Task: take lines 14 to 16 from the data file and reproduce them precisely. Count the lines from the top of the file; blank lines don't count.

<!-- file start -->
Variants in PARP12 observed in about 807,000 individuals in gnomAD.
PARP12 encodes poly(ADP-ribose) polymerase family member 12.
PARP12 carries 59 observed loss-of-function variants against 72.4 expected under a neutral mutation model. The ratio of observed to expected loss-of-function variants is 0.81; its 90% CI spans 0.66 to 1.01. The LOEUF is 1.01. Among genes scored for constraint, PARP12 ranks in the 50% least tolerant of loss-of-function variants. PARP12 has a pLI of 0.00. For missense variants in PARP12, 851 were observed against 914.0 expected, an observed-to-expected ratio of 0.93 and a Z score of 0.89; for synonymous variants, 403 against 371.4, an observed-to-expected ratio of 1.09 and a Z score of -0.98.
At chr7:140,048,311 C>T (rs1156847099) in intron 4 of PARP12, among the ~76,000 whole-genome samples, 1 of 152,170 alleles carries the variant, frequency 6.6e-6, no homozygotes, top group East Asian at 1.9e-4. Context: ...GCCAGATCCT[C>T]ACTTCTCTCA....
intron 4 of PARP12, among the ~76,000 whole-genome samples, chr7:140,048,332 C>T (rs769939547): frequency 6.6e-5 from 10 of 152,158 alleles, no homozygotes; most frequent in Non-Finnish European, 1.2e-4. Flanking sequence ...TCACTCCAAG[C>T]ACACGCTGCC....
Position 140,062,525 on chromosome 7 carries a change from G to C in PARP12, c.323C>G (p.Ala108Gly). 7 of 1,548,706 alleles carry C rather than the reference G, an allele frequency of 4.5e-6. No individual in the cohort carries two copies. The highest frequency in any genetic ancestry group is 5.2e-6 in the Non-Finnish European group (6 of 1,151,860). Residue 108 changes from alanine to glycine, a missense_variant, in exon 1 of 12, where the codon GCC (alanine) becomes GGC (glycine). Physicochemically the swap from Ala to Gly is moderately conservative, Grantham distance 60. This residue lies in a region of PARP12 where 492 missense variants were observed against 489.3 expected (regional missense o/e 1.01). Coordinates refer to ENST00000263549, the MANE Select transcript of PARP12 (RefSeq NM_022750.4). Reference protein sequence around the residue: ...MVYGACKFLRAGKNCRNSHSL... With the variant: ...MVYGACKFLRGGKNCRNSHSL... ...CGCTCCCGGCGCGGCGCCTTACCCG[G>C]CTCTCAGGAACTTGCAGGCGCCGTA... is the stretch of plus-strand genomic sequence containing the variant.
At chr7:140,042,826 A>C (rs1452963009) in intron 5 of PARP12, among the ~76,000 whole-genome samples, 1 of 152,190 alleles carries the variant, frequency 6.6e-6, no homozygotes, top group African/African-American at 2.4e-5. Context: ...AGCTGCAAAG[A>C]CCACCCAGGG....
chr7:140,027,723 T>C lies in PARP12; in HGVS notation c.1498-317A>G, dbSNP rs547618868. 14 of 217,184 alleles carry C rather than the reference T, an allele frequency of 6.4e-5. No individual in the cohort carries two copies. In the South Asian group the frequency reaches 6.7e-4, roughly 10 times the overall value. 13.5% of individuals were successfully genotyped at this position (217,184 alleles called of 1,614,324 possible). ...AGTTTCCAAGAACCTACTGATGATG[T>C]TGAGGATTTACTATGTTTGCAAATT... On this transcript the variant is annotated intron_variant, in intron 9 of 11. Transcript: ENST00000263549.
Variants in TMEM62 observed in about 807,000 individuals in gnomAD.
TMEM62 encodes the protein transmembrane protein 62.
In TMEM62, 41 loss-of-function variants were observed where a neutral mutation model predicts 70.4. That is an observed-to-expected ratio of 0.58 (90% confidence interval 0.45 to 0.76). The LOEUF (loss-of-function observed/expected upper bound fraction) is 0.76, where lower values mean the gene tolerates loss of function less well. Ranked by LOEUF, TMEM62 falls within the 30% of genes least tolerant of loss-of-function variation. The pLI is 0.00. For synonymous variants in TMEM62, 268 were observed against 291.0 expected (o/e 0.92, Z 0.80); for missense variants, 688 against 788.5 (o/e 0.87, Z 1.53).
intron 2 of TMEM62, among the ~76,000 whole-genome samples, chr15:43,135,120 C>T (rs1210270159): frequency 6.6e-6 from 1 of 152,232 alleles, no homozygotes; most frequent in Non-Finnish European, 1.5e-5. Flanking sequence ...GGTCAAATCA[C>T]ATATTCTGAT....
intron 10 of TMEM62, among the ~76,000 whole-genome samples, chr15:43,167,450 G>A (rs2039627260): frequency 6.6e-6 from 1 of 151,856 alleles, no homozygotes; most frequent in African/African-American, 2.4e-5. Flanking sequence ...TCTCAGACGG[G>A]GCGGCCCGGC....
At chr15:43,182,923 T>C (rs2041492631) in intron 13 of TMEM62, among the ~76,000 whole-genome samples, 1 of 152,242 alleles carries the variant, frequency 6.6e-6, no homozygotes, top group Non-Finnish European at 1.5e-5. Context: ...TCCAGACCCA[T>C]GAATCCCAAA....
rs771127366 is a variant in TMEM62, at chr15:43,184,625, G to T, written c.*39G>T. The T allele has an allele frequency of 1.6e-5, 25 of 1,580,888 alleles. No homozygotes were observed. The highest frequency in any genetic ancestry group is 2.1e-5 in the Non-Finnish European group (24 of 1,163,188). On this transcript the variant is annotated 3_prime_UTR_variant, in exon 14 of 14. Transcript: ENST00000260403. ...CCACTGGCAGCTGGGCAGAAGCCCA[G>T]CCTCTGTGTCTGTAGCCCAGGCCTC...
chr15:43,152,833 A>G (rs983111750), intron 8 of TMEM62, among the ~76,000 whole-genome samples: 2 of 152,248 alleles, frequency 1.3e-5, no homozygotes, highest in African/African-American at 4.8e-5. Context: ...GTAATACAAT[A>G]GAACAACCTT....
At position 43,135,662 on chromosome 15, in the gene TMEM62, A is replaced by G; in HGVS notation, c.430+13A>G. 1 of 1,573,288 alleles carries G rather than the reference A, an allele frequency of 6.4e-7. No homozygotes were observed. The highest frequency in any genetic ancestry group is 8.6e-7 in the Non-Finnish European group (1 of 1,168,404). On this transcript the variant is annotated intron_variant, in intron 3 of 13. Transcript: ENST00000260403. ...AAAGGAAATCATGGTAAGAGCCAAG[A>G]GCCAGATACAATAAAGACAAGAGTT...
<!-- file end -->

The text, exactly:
At chr15:43,182,923 T>C (rs2041492631) in intron 13 of TMEM62, among the ~76,000 whole-genome samples, 1 of 152,242 alleles carries the variant, frequency 6.6e-6, no homozygotes, top group Non-Finnish European at 1.5e-5. Context: ...TCCAGACCCA[T>C]GAATCCCAAA....
rs771127366 is a variant in TMEM62, at chr15:43,184,625, G to T, written c.*39G>T. The T allele has an allele frequency of 1.6e-5, 25 of 1,580,888 alleles. No homozygotes were observed. The highest frequency in any genetic ancestry group is 2.1e-5 in the Non-Finnish European group (24 of 1,163,188). On this transcript the variant is annotated 3_prime_UTR_variant, in exon 14 of 14. Transcript: ENST00000260403. ...CCACTGGCAGCTGGGCAGAAGCCCA[G>T]CCTCTGTGTCTGTAGCCCAGGCCTC...
chr15:43,152,833 A>G (rs983111750), intron 8 of TMEM62, among the ~76,000 whole-genome samples: 2 of 152,248 alleles, frequency 1.3e-5, no homozygotes, highest in African/African-American at 4.8e-5. Context: ...GTAATACAAT[A>G]GAACAACCTT....